He ala ʻae kai – The path near the sea: Climate inflictions upon intertidal

Levels of rocky outcrops show shades of color, dropping off to the churning ocean.
The black zone or “splash zone” spans from the mid to upper extent of the intertidal zone, where basalt rock is typically exposed to air. The pink zone encompasses the lower extent of the intertidal, where basalt rock is covered in crustose coralline algae. (Photo: LKapono)

The Hawaiian intertidal zone is a place of cultural practice, food harvesting, recreation, and a basic necessity for access to the ocean and its resources. The intertidal zone also bears the brunt of wave action during storms. Climate change projections suggest there will be a northward shift of large storms and hurricanes, increasing the chance of landfall upon the Hawaiian islands. With elevated sea level, larger wave runup is projected along the coast under both normal conditions and extreme events. No study to date has assessed the combined impacts of increased flooding and wave run-up upon the resources within Hawaiʻi’s rocky intertidal zone.

In the Hawaiian Islands intertidal zone, three limpet species (Cellana exarata, Cellana sandwicensis, and Cellana talcosa) collectively known as ʻOpihi, represent the majority of our shellfish consumption and are a vital resource for commercial and noncommercial near-shore fisheries. ʻOpihi provide significant ecosystem services by mitigating the overgrowth of many algal species that would otherwise smother the intertidal zone and its other inhabitants. Long term changes in seasonal and annual weather patterns coupled with elevated water levels will cause the intertidal zone to migrate to higher elevations. Unfortunately, we still lack adequate characterization and understanding of the potential spatial and temporal changes in the available habitat for ʻOpihi; or modeled shifts in future ʻOpihi habitat due to climate change. In 2008, Nā Maka Onaona (NMO), led by Pelika Andrade and Kim Morishige, partnered with the Kaʻūpūlehu community to conduct monthly ʻOpihi monitoring at the Kalaemanō shoreline. Kalaemanō is a southwest facing shoreline in the ʻahupuaʻa of Kaʻūpulehu, and located in the moku of Kona, Hawaiʻi.

Students sample shells on steep rocks with water churning below.
Past Na Kilo ʻĀina interns assist in monthly PACC surveys. They are counting ʻOpihi in both black and pink zones. (Photo: LKapono)

Along with programs and partnering agencies, NMO has created a unique historical dataset that spans over a decade and has currently developed a survey method known as Productivity and Carrying Capacity (PACC) survey. PACC will be implemented as the primary methodology to identify ʻopihi habitat on the shoreline. Sea level rise predictions will be overlaid upon the mapped habitat to better understand where these threatened boundaries exist. Climate scientist Dr. Haunani Kane and the UHH MEGA lab are highly involved in the construction and creation of the sea level rise maps and projections.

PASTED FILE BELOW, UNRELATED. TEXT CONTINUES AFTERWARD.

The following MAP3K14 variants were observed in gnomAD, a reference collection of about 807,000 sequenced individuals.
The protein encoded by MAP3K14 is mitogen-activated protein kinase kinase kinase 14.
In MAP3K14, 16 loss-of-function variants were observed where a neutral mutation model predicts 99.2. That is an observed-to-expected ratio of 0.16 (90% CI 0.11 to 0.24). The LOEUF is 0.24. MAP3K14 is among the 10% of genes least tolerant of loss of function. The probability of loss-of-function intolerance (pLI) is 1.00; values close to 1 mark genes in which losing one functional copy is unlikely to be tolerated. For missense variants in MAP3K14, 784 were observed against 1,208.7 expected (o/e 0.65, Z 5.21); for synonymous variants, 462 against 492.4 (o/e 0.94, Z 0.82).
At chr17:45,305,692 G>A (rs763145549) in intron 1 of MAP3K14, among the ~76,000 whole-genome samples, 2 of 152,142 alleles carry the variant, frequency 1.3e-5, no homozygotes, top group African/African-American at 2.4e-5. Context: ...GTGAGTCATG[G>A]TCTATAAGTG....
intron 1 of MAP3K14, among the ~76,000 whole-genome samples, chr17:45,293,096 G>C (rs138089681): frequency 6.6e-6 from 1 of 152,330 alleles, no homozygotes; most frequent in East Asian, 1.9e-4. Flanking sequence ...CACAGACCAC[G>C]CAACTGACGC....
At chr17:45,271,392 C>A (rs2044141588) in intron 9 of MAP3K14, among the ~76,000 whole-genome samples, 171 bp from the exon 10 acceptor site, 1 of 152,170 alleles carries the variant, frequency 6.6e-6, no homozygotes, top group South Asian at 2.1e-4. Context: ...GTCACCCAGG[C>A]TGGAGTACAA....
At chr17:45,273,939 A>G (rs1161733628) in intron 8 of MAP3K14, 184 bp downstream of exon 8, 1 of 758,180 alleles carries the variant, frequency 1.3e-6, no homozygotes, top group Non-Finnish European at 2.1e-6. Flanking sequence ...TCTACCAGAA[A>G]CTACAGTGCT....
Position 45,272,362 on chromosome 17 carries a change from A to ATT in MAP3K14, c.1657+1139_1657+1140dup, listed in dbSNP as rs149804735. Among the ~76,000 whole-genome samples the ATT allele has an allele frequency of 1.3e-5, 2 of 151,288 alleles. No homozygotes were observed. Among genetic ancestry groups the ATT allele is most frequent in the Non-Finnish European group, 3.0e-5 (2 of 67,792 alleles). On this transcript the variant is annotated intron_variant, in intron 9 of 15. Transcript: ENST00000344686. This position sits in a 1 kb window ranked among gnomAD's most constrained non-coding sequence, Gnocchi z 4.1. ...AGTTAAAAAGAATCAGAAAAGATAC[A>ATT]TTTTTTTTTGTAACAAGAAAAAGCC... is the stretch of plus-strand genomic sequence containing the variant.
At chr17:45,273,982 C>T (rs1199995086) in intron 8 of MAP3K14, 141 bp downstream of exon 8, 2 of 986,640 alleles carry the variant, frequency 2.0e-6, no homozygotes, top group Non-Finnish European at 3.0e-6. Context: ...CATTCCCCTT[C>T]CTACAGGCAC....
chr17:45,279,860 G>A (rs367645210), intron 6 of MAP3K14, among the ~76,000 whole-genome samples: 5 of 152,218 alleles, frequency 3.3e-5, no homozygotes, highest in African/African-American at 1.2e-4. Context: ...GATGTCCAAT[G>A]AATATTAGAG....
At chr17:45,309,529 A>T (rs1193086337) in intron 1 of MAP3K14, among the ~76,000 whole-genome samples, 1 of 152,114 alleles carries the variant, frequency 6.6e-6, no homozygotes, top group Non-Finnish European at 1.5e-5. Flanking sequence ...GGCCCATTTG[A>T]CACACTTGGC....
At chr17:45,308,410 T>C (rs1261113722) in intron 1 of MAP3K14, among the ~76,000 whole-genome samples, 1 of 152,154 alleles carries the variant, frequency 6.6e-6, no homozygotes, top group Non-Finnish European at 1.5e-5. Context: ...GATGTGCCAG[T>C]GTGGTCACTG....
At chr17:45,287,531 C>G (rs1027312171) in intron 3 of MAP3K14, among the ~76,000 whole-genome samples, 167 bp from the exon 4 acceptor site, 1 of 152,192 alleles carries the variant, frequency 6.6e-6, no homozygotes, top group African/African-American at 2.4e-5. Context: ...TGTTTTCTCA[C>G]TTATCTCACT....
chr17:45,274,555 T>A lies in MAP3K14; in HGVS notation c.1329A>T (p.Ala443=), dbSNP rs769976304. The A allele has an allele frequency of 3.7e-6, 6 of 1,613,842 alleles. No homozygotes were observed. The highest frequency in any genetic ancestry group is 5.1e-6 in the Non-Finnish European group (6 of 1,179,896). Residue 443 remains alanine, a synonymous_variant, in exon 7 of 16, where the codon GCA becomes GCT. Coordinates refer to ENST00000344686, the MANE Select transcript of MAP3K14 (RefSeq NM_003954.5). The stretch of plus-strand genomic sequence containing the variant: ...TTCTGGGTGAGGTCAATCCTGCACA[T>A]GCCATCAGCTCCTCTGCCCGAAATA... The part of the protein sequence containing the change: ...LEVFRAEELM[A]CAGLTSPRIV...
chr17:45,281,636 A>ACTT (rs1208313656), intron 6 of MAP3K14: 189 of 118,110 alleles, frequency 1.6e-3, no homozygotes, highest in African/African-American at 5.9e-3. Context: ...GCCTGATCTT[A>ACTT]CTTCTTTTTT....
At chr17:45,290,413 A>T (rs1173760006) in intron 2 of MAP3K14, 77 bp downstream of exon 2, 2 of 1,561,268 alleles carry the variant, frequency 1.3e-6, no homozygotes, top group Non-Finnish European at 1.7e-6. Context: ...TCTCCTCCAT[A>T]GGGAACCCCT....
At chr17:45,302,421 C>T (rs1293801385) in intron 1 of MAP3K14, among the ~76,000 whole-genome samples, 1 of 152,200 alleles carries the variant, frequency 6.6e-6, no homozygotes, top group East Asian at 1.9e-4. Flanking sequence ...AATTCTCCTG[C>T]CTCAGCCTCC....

The main objectives of this collaborative project are to 1) Assess seasonal shifts in intertidal resources from monthly surveys, and 2) Predict long-term impacts of sea level rise upon the intertidal habitat. The results from this project will help create recommendations for sustainable harvesting practices and management measures using an indicator-based approach. Understanding how these habitats shift both seasonally and under a changing climate will contribute to how we maintain and care for the existing areas.


A collaborative effort

Lauren Kapono writes: I am very fortunate to be able to collaborate with such innovative scientists and research conducting community members. NMO led by Pelika Andrade has a research team with a diverse skill set. From ridge to reef, this organization has created relationships with community members that are inspirational. Invested communities such as Kaʻūpūlehu, ensuring that their resources are healthy, resilient, and able to sustain the collective into the future. Aunty Leinaʻala Keakealani Lightner is the director of the Ka‘ūpūlehu Interpretive Center at Kalaemanō and representative of Kaʻūpūlehu community. She has always believed in the research conducted by her community and supports the knowledge to better understand the tendship for their natural resources. Looking to elevate the story of these community driven projects, the expertise of the MEGA lab at UHH was sought out. Dr. John Burns and Dr. Haunani Kane are highly skilled in technological advancements and have a lot of experience working with grassroots projects. It is an honor to be able to collectively elevate this story of place in hopes Hawaiʻi can be an example to other island nations.





John Burns
Assistant Professor of Marine Science, UH Hilo


Lauren Kapono
Tropical Conservation Biology & Environmental Science, UH Hilo
Haunani Kane
Post-doctoral Researcher, Marine Science Department, UH Hilo